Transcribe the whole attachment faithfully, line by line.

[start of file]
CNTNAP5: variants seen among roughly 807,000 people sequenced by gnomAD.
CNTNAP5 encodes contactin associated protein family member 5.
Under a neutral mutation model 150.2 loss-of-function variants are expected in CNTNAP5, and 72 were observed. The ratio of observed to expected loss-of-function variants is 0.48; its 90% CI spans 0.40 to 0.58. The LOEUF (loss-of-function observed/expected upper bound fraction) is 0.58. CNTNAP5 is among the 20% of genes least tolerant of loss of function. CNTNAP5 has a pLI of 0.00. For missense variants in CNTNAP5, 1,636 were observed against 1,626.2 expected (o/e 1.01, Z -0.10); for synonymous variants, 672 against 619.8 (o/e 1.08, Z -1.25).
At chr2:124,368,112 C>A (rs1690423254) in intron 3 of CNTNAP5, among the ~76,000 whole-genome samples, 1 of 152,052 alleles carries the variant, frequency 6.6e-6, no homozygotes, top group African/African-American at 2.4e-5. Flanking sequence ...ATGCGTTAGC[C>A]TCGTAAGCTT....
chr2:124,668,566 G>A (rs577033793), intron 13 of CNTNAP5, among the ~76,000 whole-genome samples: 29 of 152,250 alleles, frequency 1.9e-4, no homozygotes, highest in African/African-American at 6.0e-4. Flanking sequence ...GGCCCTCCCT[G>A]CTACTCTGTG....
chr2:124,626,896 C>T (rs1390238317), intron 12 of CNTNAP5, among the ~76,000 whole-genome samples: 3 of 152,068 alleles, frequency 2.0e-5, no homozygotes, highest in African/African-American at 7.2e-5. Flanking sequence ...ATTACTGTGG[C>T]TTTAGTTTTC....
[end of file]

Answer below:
CNTNAP5: variants seen among roughly 807,000 people sequenced by gnomAD.
CNTNAP5 encodes contactin associated protein family member 5.
Under a neutral mutation model 150.2 loss-of-function variants are expected in CNTNAP5, and 72 were observed. The ratio of observed to expected loss-of-function variants is 0.48; its 90% CI spans 0.40 to 0.58. The LOEUF (loss-of-function observed/expected upper bound fraction) is 0.58. CNTNAP5 is among the 20% of genes least tolerant of loss of function. CNTNAP5 has a pLI of 0.00. For missense variants in CNTNAP5, 1,636 were observed against 1,626.2 expected (o/e 1.01, Z -0.10); for synonymous variants, 672 against 619.8 (o/e 1.08, Z -1.25).
At chr2:124,368,112 C>A (rs1690423254) in intron 3 of CNTNAP5, among the ~76,000 whole-genome samples, 1 of 152,052 alleles carries the variant, frequency 6.6e-6, no homozygotes, top group African/African-American at 2.4e-5. Flanking sequence ...ATGCGTTAGC[C>A]TCGTAAGCTT....
chr2:124,668,566 G>A (rs577033793), intron 13 of CNTNAP5, among the ~76,000 whole-genome samples: 29 of 152,250 alleles, frequency 1.9e-4, no homozygotes, highest in African/African-American at 6.0e-4. Flanking sequence ...GGCCCTCCCT[G>A]CTACTCTGTG....
chr2:124,626,896 C>T (rs1390238317), intron 12 of CNTNAP5, among the ~76,000 whole-genome samples: 3 of 152,068 alleles, frequency 2.0e-5, no homozygotes, highest in African/African-American at 7.2e-5. Flanking sequence ...ATTACTGTGG[C>T]TTTAGTTTTC....